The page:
'Glory to Ukraine': hundreds of thousands march against Russian invasion
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Dressed in the blue and yellow of Ukraine's flag and bearing posters like "No World War 3" and "Russians go home", hundreds of thousands of people took to the streets worldwide Sunday denouncing Russia's invasion of its neighbour.
From Berlin to Baghdad, from Washington to Saint Petersburg, demonstrators chanted "shame" against Russian President Vladimir Putin while others waved banners with slogans like "Putin murderer" or "stop the monster".
In the German capital, police estimated turnout to be at least 100,000, while Prague drew 70,000 and Amsterdam 15,000.
Organisers of the Berlin protest put the numbers at five times the police estimate, with demonstrators massing at the Brandenburg Gate, a stone's throw away from the imposing Russian embassy.
Although the embassy -- in which Russian diplomats both work and live -- was cordoned off by police, some protesters gathered in front shouting "glory to Ukraine" and singing Ukrainian songs.
"It is important to me for Germany to show that it is standing for democracy in Europe," said Hans Georg Kieler, 49, who was at the demonstration.
He praised Germany's decision to begin delivering armaments to Ukraine, but said "we could have helped Ukraine more".
Ukrainian Valeria Moiseeva was also at the march.
"I hate Russia, I hate all Russians," the pregnant 35-year-old said, adding that her mother was now sitting in a cellar in Kyiv in fear of bombs.
In Russia's second city of Saint Petersburg, around 400 people gathered in defiance of strict protest laws, holding posters reading "No to war", "Russians go home" and "Peace to Ukraine".
More than 2,000 people were detained in demonstrations across the country Sunday, following thousands of arrests this week, but protesters remained undeterred.
"It is a shame that there are hundreds, maybe thousands, of us and not millions," 35-year-old engineer Vladimir Vilokhonov told AFP in Saint Petersburg.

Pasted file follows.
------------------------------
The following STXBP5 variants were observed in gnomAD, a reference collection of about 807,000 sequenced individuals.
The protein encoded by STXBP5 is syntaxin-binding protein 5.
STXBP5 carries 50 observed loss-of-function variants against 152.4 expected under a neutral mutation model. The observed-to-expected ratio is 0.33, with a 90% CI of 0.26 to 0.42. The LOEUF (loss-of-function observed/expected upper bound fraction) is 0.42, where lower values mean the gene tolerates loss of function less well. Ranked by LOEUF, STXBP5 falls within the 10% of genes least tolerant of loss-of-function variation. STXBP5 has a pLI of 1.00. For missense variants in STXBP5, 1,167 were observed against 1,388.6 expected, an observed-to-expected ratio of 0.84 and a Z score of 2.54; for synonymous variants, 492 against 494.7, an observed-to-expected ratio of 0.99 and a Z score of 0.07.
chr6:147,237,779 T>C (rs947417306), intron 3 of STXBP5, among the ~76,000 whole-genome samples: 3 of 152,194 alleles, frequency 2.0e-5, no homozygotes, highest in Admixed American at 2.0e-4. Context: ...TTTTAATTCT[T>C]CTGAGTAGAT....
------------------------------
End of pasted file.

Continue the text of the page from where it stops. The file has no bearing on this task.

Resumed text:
In the US capital, a few thousand people waved Ukrainian and American flags in front of the White House as they urged President Joe Biden to do more to halt Putin's aggression.
"Something needs to be done, we can't just sit by and have another World War Two or another Hitler take control," said Diana Vasylkevych, a 24-year-old student wrapped in a Ukrainian flag.
"So we're here today to just try to make a difference," she said, adding she has spoken to relatives back home who have been hiding in bomb shelters. "It's horrendous".
Americans nationwide came out to denounce Putin and express support for Ukraine, from San Francisco to Detroit, Chicago and Kansas City. Thousands also demonstrated in the Canadian city of Toronto.
Several thousand people gathered in Rome's city centre, answering a call from Italy's 235,000-strong Ukrainian community to rally.
"We are strong but we are alone now. One small country cannot protect the whole world from one bad person" Yvanna Bovik said.
In Prague, tens of thousands gathered at the central Wenceslas Square, including Roman Novotny, who travelled around 300 kilometres (186 miles) from Uherske Hradiste in the country's southeast.
"We all have to do our best," he told AFP, carrying a banner slamming Putin. "It's a difficult situation because the madman has nuclear weapons. I think he has cut himself off from the entire world, totally."
Meanwhile in Lithuania, Belarusian opposition leader Svetlana Tikhanovskaya led hundreds of her countrymen in protest against the Minsk regime for allowing Putin's army to use the country as a launchpad into Ukraine.
Chanting "Long live Belarus" and "Glory to Ukraine", they said they wanted the world to understand that ordinary Belarusians oppose the attack on Ukraine.
"Our Ukrainian brothers would not forgive us for our silence," Tikhanovskaya, who lives in exile in Lithuania, told reporters.
Voicing shame at Belarus strongman Alexander Lukashenko's actions, Sergei Bigel, a 39-year-old transport worker, told AFP: "This is a disgrace to the whole world. It is like stabbing a friend in the back."
A women's protest also massed near the Russian embassy in Vilnius, with people holding banners like "Putin = killer" and "See you in hell", while others brought wreaths.
Ruta Januliene, 37, called the Ukraine war "pointless" and said she was concerned for "the future and safety of children" there.
"It is hard for me to speak, it hurts a lot. I would like Putin to shoot himself and end all of this," she said, sobbing.
In Denmark, Prime Minister Mette Frederiksen joined 10,000 people in front of the Russian embassy in Copenhagen to condemn the invasion.
"It is all of you and all of Europe who are threatened by Russia", she told the crowd.
"We cry with you", she said, addressing Ukrainians.